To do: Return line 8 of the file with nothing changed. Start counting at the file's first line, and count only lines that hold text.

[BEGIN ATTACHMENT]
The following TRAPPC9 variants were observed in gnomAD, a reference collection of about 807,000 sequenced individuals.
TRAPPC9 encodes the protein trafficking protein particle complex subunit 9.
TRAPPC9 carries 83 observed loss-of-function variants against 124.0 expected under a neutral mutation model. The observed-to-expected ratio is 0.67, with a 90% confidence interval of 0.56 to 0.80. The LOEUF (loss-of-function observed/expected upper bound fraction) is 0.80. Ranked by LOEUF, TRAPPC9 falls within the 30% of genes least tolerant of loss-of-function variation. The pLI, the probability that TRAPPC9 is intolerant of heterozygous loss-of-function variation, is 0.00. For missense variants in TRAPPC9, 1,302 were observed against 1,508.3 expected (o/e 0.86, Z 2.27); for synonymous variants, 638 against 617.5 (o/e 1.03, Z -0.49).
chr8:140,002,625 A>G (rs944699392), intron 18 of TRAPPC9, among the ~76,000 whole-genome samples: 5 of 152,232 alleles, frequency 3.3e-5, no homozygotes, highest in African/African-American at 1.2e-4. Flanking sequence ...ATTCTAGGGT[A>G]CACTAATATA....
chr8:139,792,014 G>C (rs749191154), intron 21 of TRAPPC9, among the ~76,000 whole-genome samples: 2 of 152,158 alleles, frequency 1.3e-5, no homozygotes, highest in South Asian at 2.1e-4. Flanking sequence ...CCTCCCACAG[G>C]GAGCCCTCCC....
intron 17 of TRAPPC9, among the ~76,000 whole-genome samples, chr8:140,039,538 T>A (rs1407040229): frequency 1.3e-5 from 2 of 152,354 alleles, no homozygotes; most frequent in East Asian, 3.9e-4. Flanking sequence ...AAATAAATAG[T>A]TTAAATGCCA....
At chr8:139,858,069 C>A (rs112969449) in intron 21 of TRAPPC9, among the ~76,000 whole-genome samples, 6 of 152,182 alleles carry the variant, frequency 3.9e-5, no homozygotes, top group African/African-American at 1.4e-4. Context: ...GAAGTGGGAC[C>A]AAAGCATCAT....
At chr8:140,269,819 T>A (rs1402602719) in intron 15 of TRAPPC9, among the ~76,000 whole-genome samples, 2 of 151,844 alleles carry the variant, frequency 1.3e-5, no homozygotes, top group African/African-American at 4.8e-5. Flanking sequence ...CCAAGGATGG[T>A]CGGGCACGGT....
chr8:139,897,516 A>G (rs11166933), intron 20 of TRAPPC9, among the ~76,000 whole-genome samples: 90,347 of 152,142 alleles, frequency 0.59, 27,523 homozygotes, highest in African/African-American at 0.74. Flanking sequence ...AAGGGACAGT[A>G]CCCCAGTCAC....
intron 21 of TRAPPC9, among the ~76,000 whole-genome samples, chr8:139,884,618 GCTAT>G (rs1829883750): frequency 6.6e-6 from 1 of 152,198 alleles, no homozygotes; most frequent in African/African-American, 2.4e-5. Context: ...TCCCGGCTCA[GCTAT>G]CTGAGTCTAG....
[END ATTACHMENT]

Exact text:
At chr8:140,269,819 T>A (rs1402602719) in intron 15 of TRAPPC9, among the ~76,000 whole-genome samples, 2 of 151,844 alleles carry the variant, frequency 1.3e-5, no homozygotes, top group African/African-American at 4.8e-5. Flanking sequence ...CCAAGGATGG[T>A]CGGGCACGGT....